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I’m having a hard time deciding whether this is a redemption arc
So I have a character in a dystopian novel I’m working on by the name of Tyler. He’s inspired by Alex Høgh Andersen’s portrayal of Ivar the Boneless, and his death... is interesting. He’s, for the most part, an antagonist in the story, and I really felt bad about how mean I was to him, so I created a character to love him. Now, my first thought was to create a character that was a love interest, but with characters like him, love interests are often manipulated and exploited by people like him. They have their own reasons for being with the aforementioned person, and that could get messy you, so I decided that this person would be a child. Children live differently, in my opinion. It’s a rather unconditional love, a love that just feels differently, and he’s never had that. He’s never had someone love him simply because they do. His mother loves him, but only because she can use him. His brother’s love him, but only because he’s their brother. His father loves him, but he feels like he has to. But his niece just loves him. She doesn’t love him out of pity or obligation. There is no rhyme or reason why, she just does, and because of this, he is very protective of her, and unbeknownst to him, her fate is now aligned with his, because he will kill any who hurts her.
The person who hurts her... he makes good on his promise, but through that, he incurs the wrath of his father, and he is executed for it. I don’t think it’s a redemption arc because despite it all, he’s a horrible person, has always been a horrible person, and nothing about that ever changes. But he does a good deed(At least as good of a deed as that can be), and I feel like some people would appreciate that, especially his brother. But... that doesn’t feel like redemption to me, even though I’ve been told that it is. But maybe I’m wrong.
It sounds to me like you have a complex character. Not a good guy, not a good person. Just a person with complex motivations and someone he'd die for.
It doesn't sound like a redemption arc, because he doesn't change his ways. All this is, is a man sticking to his core motivation, and the consequence thereof costs him his life.
A redemption arc, in most cases, is 'siding with the protagonist' or, at the very least, turning good--whether objectively or simply in the eyes of the viewer/reader.
This feels to me like someone real. Had a hard life, yeah sure. Look at Snape from the Harry Potter series. You can view him as a hero, but he wasn't. He was a douche, through and through, that did a few things right.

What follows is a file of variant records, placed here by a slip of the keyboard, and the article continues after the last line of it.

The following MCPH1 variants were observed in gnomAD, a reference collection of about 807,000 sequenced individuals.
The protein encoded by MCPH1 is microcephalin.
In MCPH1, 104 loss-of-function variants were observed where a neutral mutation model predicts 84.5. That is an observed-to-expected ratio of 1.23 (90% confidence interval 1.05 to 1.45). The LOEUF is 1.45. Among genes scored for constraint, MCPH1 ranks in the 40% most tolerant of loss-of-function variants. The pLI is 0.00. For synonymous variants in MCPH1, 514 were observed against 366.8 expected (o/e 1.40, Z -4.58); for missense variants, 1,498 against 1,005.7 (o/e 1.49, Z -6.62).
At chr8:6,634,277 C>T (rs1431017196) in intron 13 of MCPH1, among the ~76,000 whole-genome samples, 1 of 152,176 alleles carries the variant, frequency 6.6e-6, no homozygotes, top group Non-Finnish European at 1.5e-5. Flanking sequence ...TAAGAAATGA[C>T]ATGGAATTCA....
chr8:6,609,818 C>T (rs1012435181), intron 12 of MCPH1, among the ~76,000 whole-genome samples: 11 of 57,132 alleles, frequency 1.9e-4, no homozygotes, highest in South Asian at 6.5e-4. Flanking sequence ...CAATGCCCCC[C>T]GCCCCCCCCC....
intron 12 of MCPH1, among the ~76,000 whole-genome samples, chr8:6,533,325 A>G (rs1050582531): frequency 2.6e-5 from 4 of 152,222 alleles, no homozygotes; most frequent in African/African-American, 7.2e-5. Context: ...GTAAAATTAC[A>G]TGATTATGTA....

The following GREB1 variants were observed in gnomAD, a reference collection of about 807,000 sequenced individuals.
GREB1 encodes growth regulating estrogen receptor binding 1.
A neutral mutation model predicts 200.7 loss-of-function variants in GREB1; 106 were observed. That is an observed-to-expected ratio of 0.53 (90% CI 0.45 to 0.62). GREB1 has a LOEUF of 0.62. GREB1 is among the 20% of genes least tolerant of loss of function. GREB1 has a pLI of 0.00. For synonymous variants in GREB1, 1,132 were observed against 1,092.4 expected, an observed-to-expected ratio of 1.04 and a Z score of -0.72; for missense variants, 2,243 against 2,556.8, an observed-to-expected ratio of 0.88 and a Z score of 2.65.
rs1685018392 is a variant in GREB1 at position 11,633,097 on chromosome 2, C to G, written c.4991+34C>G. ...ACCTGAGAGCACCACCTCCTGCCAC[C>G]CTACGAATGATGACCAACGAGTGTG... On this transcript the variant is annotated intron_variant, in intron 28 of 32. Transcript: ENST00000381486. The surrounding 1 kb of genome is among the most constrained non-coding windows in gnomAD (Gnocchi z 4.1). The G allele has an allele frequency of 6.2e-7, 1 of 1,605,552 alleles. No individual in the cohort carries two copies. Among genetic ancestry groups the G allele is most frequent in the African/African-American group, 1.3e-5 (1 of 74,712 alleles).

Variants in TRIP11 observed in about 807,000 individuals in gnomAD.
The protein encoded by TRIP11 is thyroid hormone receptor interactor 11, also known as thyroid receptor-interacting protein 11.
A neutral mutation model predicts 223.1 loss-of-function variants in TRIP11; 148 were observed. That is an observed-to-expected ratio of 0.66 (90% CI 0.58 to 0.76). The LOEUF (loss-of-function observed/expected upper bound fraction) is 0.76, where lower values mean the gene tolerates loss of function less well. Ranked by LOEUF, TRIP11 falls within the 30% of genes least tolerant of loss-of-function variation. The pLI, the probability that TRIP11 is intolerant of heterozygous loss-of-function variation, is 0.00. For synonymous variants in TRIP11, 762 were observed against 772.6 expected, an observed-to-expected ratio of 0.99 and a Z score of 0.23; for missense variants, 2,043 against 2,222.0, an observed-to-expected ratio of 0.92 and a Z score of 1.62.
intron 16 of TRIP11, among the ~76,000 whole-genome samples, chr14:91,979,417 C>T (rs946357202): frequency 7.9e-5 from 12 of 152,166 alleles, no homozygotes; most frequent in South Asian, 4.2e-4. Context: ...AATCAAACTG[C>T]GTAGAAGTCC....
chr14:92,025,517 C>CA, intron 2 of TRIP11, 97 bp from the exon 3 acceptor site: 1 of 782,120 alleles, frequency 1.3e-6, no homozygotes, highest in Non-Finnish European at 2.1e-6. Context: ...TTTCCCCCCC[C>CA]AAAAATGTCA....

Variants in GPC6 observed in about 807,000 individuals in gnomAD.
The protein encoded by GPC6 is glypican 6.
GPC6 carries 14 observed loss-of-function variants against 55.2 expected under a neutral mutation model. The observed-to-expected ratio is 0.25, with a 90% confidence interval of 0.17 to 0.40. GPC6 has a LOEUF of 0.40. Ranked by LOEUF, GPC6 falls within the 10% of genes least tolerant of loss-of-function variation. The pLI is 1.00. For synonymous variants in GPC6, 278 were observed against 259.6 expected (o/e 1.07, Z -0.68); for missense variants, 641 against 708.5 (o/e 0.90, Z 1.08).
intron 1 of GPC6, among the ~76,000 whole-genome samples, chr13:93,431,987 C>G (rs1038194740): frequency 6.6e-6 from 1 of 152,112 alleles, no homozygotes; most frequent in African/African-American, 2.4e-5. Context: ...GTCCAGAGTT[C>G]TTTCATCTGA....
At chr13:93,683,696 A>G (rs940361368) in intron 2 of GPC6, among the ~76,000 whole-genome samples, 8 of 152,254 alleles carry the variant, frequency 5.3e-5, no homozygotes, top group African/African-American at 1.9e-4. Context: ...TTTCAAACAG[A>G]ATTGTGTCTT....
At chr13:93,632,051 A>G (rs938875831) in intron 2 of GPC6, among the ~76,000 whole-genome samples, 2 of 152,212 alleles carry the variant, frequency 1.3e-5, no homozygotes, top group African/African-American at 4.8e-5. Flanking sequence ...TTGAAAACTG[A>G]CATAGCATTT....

I would not call it a redemption arc, I could see this as simple revenge for somebody taking some piece of property he was enjoying.
In a redemption, the character realizes they have been wrong and becomes a better person. This sounds more like a character that promised consequences, delivered them, but made a mistake in doing so and suffered the consequences of that mistake.
Straight up gangster stuff out of the Godfather, very similar to the death of Sonny Corleone taking vengeance on behalf of his sister. (Sonny is the hotheaded brother of Michael Corleone, the MC).
But Sonny wasn't "redeemed". He doesn't harm women and children, but he is still a brutally sadistic killer and proud of it. He's never on the road to being a good guy, or moral, or anything more than a criminal. He just let his temper get away from him, and made a mistake that cost him his life.
Whether it's redemption or not depends on what made him a bad guy to begin with. Was he the kind of antagonist to brutally slaughter anyone who slightly wronged him, and anyone who got in the way of that slaughter? In that case, avenging his niece would just be more of the same- hard to find redemption there.
Was he a cold, loveless loner who cared nothing for anyone else, using them only for his own advantage and discarding them when done? Then avenging his niece, something driven by his care for her and that he knows will severely disadvantage him, might be a form of redemption.
Redemption isn't one-size-fits-all; it only works if it's counter to the character's established villainous behavior patterns.